Dubai’s Tumbling Economy

Dubai’s Tumbling Economy

Dubai is staring at economic collapse these days due to pandemic. One of the most popular destinations is feeling its fall flying like never before. No tourist, no oil money, the pandemic has left Dubai crumbling for cash. If nothing is done most of the Dubai business will shut down over the next 6 months Dubai is famous for the sky-scrapers and artificial archipelagoes, a global home for a freed moment of the trade, people, and money.

A symposium of shopping and lively nightlife is always associated with this iconic city, Dubai. The pandemic has shaken the most resilient dome in the United Arab Emirates. An astounding 70% of businesses in Dubai are expected to shut down in the next 6 months.

Dubai is the least oil-reliant economy in the Gulf but that is no insulation from the ravages of the lockdown. Dubai fuel is Hospitality, Tourism, Entertainment, Property, and retail. Dubai has amongst the busiest international airports in the world with two popular airlines, Emirates and Etihad. Unfortunately, all operations of these airlines are grounded.

The world’s most dominating sky-scraper Burj Khalifa, the Dubai Mall of the Emirates, and the Palm Jumeira even the Dubai Gold Souk, all in bits of despair with businesses shut down in the lockdown. Half of Dubai’s internationally known hotels and restaurants have gone out of the business in the next 6 months alone. 74% of the travel and tourism businesses have downed their shutters. These are the findings of the Dubai Chamber of Commerce and Industries.

Businesses in the UAE are slashing salaries, sending employees on unpaid leaves, and reducing staff. Dubai did allow some of its malls and business to reopen at around 30% capacity, but there were hardly any customers. The UAE is heavily reliant on its 80% on its expatriate population to eat out and shop, most of this rich expatriate including Pakistanis and Indians have left for their home country. Dubai has also announced an economic package of over 4 hundred million dollars, but the oil money is drying up. The pandemic cannot be blamed entirely for the collapse.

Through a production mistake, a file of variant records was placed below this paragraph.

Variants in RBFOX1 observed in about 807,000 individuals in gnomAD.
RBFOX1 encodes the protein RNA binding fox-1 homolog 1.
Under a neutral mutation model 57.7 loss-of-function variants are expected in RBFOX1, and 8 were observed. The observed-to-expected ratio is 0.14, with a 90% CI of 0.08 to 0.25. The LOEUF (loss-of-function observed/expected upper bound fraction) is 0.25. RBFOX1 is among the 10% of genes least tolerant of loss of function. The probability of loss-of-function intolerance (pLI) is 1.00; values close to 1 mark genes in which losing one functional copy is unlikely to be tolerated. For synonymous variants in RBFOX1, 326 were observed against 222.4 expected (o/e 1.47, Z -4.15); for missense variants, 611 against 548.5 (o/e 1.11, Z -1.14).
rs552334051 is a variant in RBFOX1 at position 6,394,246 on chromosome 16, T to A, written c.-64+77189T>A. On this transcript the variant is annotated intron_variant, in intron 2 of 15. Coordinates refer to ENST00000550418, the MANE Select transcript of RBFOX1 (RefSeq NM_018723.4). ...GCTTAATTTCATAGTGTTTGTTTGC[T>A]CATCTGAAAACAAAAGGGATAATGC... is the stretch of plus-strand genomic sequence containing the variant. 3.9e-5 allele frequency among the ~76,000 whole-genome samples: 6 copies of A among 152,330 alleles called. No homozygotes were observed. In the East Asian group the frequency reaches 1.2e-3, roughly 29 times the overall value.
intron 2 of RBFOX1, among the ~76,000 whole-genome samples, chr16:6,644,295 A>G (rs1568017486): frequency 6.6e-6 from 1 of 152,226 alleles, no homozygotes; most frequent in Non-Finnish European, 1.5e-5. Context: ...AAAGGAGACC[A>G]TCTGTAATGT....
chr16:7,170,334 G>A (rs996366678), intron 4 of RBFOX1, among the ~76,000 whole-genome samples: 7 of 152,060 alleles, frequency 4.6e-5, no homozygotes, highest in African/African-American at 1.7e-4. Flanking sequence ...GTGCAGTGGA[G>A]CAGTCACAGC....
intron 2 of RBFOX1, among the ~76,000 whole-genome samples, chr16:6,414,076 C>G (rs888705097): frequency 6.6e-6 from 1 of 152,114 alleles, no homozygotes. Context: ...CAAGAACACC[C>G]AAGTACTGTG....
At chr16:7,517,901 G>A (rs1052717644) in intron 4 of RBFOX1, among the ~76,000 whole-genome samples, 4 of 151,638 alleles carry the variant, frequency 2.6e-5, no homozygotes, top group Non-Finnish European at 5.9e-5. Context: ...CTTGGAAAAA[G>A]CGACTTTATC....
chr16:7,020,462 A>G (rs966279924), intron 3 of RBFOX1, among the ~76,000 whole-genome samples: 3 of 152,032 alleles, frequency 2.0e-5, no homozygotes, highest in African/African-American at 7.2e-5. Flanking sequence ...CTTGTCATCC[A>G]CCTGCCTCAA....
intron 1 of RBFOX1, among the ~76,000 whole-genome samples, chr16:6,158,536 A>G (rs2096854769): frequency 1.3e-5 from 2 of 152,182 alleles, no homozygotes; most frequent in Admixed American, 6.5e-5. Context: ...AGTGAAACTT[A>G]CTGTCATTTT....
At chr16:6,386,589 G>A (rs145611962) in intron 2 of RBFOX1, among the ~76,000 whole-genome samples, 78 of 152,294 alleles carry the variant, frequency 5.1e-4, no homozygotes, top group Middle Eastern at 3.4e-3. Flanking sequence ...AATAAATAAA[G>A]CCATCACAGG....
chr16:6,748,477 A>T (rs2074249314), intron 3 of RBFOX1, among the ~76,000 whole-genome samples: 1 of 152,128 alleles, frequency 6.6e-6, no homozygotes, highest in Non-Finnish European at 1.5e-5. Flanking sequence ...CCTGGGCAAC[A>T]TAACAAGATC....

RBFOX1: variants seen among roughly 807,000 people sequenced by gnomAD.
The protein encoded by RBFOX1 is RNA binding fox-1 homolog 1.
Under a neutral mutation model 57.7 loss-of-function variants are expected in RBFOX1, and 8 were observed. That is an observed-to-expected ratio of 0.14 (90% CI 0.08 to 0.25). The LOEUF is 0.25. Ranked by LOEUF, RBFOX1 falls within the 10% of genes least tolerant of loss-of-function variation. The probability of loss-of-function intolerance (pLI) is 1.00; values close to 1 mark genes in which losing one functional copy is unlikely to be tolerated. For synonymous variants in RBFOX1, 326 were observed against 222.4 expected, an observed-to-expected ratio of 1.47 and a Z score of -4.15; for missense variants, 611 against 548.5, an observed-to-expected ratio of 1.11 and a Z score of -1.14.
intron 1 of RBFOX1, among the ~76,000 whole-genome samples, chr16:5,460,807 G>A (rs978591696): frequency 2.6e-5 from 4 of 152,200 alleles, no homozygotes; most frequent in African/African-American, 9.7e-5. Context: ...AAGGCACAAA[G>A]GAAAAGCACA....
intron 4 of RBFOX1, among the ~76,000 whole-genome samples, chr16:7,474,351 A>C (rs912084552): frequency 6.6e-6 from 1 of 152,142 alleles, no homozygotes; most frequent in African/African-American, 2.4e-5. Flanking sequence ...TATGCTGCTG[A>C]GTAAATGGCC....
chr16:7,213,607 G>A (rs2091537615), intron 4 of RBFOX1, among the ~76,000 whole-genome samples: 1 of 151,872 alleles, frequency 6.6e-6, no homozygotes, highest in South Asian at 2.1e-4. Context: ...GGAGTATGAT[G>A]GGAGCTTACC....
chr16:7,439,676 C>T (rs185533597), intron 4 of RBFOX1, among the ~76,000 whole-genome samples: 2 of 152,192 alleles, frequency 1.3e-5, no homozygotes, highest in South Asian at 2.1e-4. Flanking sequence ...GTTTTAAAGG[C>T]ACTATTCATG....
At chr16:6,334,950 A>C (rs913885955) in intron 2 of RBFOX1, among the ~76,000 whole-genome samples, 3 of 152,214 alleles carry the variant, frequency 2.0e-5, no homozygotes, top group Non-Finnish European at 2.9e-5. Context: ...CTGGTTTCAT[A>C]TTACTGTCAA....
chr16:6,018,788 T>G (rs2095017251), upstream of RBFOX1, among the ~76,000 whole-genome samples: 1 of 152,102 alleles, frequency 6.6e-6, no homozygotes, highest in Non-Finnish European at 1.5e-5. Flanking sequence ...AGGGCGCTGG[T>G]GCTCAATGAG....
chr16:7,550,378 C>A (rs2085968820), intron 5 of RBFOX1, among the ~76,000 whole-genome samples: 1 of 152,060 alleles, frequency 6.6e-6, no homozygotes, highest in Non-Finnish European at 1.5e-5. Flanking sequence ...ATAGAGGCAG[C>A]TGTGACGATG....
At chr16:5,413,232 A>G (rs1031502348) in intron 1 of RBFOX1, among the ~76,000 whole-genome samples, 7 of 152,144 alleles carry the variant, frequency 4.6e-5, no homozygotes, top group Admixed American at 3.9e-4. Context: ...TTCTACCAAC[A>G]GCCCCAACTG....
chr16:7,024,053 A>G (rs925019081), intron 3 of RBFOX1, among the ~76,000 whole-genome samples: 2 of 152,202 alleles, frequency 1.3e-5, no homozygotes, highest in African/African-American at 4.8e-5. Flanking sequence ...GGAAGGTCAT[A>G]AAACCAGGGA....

Dubai’s hot cake for recent decades is real estate, which is metaphorically trembling to the ground. Residential plots prices are down around 30 % since the 2014 peak. On the commercial site, mostly hotels and restaurant revenue per room are down 25% since 2015.

Last year Dubai economic route was slightly over one percent. The worst since the global financial crisis in 2008, Dubai and its vast web of state-linked industries are facing billions of dollars in looming debt repayments. For the foreseeable future, no oil money, tourism, no foreign funds, and no big real estate deals. The city that seemed glorious under its blinding night lights is today struggling to stay alive.


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